The first half of the 1870s, according to McLean, saw “the major works on which [Leskov’s] reputation chiefly rests: Cathedral Folk, ‘The Sealed Angel,’ ‘The Enchanted Pilgrim,’ A Decrepit Clan, ‘At the Edge of the World'” (221). A Decrepit Clan (Захудалый род, 1873-74) is a work I knew nothing about, and I was surprised to see it listed rather than earlier stories like “The Musk-Ox” and “Lady Macbeth of the Mtsensk District” or later ones like “Singlethought” and “The Rabbit Carriage” (Заячий ремиз, 1894, published 1917). Here I’m biased by what I’ve read, and in the last case also by Sperrle’s praise of Leskov’s last important story.
What was A Decrepit Clan? It was an attempt at a multigenerational portrait of Russia’s “deteriorating gentry,” originally conceived as one section of a three-part chronicle of which the “clergy section had eventually become Cathedral Folk” (McLean 257). Leskov never finished even the gentry section, much less the whole chronicle. He kept creating praiseworthy characters in each generation of the Protozanov family and never got around to the decay he had set out to show (269). He also may have been intimidated by possible comparisons of his “family chronicle” (from the subtitle of A Decrepit Clan) to Sergei Aksakov’s famous Family Chronicle of 1856 (260).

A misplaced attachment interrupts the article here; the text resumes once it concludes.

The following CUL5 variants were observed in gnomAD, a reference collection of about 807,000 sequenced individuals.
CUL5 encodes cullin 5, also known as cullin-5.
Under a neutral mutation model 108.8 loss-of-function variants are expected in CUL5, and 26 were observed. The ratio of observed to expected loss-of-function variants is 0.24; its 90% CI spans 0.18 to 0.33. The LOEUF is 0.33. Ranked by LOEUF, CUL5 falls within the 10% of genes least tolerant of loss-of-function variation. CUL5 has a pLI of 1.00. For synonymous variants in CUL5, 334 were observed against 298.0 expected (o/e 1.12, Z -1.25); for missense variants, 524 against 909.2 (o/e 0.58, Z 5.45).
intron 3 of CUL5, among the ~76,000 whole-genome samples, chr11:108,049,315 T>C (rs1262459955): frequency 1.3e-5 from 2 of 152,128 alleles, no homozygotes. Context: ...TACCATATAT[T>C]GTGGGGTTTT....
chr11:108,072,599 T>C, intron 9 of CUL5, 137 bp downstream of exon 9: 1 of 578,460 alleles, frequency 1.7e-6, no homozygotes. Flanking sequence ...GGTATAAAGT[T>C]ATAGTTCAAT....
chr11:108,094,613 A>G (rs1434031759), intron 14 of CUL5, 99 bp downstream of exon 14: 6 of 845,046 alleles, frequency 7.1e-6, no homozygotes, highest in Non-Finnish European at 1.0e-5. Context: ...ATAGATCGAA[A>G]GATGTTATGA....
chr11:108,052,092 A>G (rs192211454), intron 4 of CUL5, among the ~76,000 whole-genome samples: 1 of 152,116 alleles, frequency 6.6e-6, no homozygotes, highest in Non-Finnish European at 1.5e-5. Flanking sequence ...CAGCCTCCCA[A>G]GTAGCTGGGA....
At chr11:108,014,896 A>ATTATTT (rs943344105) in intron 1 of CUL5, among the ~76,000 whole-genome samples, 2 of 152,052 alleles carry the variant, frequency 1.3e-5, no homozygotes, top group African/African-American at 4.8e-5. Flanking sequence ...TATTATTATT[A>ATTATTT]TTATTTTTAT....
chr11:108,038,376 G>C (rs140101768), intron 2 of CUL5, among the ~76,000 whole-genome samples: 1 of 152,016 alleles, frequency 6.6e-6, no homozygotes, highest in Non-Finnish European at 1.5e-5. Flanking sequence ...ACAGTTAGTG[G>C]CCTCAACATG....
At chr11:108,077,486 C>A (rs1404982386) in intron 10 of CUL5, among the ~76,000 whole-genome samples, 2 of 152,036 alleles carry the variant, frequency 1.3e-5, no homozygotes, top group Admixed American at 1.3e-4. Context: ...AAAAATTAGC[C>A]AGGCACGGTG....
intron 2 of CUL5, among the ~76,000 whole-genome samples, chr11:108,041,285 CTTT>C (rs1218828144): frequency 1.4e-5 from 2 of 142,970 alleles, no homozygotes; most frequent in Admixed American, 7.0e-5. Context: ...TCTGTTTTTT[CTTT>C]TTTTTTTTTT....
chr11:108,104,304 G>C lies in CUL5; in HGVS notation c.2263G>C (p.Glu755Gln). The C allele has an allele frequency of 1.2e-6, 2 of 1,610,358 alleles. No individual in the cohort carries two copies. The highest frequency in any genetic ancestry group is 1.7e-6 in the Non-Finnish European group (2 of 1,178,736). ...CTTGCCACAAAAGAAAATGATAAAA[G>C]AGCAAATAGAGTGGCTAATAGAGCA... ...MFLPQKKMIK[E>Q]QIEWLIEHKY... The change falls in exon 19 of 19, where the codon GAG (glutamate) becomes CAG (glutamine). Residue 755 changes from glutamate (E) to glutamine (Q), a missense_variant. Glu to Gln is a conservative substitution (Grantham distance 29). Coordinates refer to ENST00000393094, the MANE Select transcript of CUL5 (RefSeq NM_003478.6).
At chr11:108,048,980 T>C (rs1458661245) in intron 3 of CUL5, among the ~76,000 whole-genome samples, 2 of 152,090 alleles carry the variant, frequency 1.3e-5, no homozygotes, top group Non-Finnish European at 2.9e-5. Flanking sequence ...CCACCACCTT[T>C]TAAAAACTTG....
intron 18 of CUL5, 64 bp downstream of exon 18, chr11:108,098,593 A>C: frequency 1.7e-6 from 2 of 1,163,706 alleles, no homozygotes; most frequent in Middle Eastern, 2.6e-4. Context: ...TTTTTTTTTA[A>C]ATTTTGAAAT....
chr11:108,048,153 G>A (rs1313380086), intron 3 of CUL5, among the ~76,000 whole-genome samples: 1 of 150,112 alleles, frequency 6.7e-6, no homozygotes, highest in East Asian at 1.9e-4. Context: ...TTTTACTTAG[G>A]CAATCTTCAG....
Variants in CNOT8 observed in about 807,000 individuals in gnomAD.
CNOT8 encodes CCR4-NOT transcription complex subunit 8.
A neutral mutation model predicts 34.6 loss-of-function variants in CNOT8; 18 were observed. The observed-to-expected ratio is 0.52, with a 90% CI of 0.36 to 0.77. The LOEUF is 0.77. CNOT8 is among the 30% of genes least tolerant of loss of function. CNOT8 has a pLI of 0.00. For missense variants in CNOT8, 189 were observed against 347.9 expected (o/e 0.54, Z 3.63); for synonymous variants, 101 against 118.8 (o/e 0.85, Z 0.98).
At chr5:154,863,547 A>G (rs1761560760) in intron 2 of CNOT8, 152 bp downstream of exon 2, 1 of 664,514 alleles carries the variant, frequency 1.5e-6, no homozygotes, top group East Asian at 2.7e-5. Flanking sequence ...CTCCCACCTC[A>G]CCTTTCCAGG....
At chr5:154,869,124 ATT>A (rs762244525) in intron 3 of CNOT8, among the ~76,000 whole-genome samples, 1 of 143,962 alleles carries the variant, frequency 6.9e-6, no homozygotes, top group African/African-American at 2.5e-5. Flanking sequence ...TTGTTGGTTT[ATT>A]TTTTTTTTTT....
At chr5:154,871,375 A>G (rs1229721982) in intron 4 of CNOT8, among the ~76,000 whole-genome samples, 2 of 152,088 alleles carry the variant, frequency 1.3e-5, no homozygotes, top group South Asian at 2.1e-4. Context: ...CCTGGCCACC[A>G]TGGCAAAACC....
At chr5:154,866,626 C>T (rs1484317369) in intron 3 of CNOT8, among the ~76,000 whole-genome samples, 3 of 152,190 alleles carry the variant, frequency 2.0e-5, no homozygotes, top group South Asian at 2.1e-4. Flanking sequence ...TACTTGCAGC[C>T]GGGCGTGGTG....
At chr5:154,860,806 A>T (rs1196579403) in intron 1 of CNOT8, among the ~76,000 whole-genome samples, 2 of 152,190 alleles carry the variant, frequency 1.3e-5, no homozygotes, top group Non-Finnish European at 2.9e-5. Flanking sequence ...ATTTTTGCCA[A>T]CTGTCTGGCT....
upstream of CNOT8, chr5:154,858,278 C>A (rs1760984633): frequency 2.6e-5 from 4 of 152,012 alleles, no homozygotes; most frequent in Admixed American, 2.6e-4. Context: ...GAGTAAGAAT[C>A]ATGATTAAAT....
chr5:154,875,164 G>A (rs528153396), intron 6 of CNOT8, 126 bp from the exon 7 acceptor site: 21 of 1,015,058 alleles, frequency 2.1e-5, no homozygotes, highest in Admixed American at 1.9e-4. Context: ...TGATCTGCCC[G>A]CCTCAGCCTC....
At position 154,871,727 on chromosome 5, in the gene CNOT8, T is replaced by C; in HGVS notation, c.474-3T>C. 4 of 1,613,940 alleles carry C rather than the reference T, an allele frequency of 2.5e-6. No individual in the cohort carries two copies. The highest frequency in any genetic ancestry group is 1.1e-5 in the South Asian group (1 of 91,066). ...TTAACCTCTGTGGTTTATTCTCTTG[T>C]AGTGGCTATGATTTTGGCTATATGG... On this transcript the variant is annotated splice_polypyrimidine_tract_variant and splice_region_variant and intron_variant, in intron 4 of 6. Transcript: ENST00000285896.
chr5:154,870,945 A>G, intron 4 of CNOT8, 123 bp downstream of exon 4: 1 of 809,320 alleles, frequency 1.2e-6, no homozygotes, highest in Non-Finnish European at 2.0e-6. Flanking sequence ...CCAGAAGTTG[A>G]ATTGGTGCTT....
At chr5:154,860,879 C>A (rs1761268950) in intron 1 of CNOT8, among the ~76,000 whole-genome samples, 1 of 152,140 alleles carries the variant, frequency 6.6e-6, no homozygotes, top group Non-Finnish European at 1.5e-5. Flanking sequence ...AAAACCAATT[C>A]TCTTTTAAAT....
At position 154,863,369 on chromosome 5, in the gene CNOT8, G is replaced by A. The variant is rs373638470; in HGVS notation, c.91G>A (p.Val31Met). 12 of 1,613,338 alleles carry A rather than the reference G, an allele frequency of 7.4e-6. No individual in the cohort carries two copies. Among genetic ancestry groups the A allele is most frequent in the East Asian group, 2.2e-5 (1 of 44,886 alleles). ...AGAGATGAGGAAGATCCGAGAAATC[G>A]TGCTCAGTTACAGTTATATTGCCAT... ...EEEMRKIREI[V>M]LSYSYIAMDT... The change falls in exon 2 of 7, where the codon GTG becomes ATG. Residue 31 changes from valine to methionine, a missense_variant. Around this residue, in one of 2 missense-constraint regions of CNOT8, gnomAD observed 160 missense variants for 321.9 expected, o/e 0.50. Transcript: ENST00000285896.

In recent years A Decrepit Clan was the first play directed by Sergei Zhenovach at his Студия театрального искусства in 2006, and just last year it was translated into Spanish as Una familia venida a menos by Jorge Ferrer (h/t Melibro).